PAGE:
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CAOIMHÍN MACAOIDH - Between The Jigs And The Reels Revisited: The Donegal Fiddle Tradition 

CAOIMHÍN MACAOIDH - Between The Jigs And The Reels Revisited: The Donegal Fiddle Tradition 
Waltons Publishing ISBN: 9781857202243 

Caoimhín MacAoidh is a familiar figure in Donegal fiddle circles, having spent a large chunk of his life studying, researching and playing fiddle music from the county, and helping to promote and preserve it through organisations such as Cairdeas na bhFidiléirí. In 1993 his book, Between The Jigs And The Reels, was published, giving great insight into the Donegal fiddle tradition, its history and its players, and now Waltons has issued this revised version, the enhancements in which bring the story right up to date.

The original book begins with a foreword from Tommy Peoples, one of the most well-known exponents of Donegal fiddling in recent years. He also wrote a foreword for this second edition, despite his failing health at the time, and sadly he passed away before he was able to finalise it. It is nevertheless printed here, as he left it, and is a poignant reminder of the part that he and many of the other fiddlers mentioned in the book’s pages have played in upholding the fiddle traditions of the area, and the role they played (and still play) in the passing on of the tunes, stories and traditions from one generation to another.

This first part of the book contains chapters detailing certain aspects of Donegal fiddle music: its history throughout the decades, including when the fiddle became common in Donegal, its links with Scotland, and where the music was mainly played; its influences from other instruments, particularly the pipes, and influences from wider Irish fiddle music, as well as Scottish music and classical music; its folklore, with lots of stories about enchanted fiddles and fiddlers, the faeries, ghosts and witches, and descriptions of tunes emanating from encounters with such beings. The opening chapters also deal with many of the different tune collections to feature Donegal fiddle music, with a nod to the ITMA and its important role as a repository for material relating to traditional music, and its ongoing interest in Donegal music. There’s also a chapter on dancing and its strong links with the music, going into detail about the dances that are found more commonly in Donegal than elsewhere (e.g., the Maggie Pickie, a solo step dance found in Donegal that has several local variations). I found these opening chapters of great interest, with lots of stories and examples to develop whatever knowledge I already had. I particularly enjoyed the places where the stories behind the tunes were recounted. I’ve heard them told often by many of the older generation of players, and their inclusion here is an important way of preserving them in the players’ own words.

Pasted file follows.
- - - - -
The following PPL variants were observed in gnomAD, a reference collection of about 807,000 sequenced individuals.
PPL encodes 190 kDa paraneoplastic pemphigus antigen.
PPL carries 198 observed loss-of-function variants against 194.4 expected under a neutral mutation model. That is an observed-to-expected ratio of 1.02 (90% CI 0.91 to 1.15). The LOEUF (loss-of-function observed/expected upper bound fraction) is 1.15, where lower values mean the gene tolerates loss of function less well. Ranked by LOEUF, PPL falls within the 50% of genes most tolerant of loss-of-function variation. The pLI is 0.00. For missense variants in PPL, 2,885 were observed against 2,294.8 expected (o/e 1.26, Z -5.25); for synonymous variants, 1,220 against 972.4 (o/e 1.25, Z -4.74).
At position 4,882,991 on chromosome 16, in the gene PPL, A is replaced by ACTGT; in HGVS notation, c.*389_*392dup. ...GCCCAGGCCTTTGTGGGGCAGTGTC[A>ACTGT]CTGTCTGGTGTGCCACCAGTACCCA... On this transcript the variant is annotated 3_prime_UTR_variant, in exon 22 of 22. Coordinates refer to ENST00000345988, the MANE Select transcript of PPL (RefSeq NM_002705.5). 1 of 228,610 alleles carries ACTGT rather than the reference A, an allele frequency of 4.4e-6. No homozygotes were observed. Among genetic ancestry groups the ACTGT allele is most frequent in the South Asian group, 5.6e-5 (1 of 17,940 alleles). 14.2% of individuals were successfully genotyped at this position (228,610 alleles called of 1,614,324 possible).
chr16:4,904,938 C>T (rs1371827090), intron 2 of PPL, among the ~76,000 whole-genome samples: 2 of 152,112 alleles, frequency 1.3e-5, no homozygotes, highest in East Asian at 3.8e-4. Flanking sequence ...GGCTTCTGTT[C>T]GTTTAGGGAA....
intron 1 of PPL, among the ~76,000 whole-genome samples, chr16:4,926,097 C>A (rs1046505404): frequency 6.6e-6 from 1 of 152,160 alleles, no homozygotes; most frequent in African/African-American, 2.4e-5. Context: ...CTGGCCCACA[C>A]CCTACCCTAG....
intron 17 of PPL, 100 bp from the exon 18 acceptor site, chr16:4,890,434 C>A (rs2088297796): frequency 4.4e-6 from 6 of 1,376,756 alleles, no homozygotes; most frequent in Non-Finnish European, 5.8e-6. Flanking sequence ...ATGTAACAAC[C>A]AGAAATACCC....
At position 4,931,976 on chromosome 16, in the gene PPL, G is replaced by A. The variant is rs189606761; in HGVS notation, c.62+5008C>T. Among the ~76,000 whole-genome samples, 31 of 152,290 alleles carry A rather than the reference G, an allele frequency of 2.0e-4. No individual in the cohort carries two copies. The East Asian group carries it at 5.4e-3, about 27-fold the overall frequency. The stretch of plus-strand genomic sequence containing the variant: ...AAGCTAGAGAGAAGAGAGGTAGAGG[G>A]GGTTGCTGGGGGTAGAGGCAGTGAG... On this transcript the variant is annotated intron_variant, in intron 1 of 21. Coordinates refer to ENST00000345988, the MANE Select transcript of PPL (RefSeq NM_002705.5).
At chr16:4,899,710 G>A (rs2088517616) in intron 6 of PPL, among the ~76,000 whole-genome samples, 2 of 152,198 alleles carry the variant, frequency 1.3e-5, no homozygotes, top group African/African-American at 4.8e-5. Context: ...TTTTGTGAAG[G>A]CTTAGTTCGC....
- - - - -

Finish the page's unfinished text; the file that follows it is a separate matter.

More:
Following this, the bulk of the book’s 400 pages consists of several chapters, each focussing on a geographical area of Donegal, where Caoimhín pays tribute to historical and contemporary players from that area – some well-known, others less so – often showing the connections between them (in places, it’s a fairly tight-knit community up here). There are players mentioned that would not have been featured in the original book – some because they weren’t born at the time - and it is a tribute to Caoimhín that, apart from a few omissions which are bound to happen with this kind of project, he has given space to all. He gives biographical information on the players, but it is no dry exercise; it remains an informative and interesting read throughout. There’s a valuable chapter on Donegal’s Travelling Fiddlers – the McConnells, the Dohertys, the O’Rourkes - their role in the distribution of the music between isolated communities in the area, and their influences on today’s players. And there are sections on fiddlers from Derry, Belfast, Dublin, Glasgow, Newcastle, Niedorp, the USA, Australia and elsewhere who play Donegal music.

Caoimhín doesn’t shy away from sharing controversial or strong opinions – he includes some cutting comments in the section on accompaniment about bodhrán players (“…normally a disruptive device…”) and guitarists (“…held in only slightly milder disregard than the bodhrán…”), and most box players don’t fare too well either. I’m not sure how helpful these comments are, and they perhaps portray an image of Donegal fiddlers that doesn’t reflect my experience amongst most of them. But whatever you might feel about some of these views, there is no doubt that when it comes to fiddle music in Donegal, the writer knows his stuff. Extensive research and years of work have gone into the making and reworking of this book, and it really is an invaluable resource for anyone with an interest in the music of the area. It’s well written, and well laid out with black and white photos of some of the musicians. I learned a lot, and I know I’ll be dipping in and out of this for years to come.

Fiona Heywood


This review appeared in Issue 144 of The Living Tradition magazine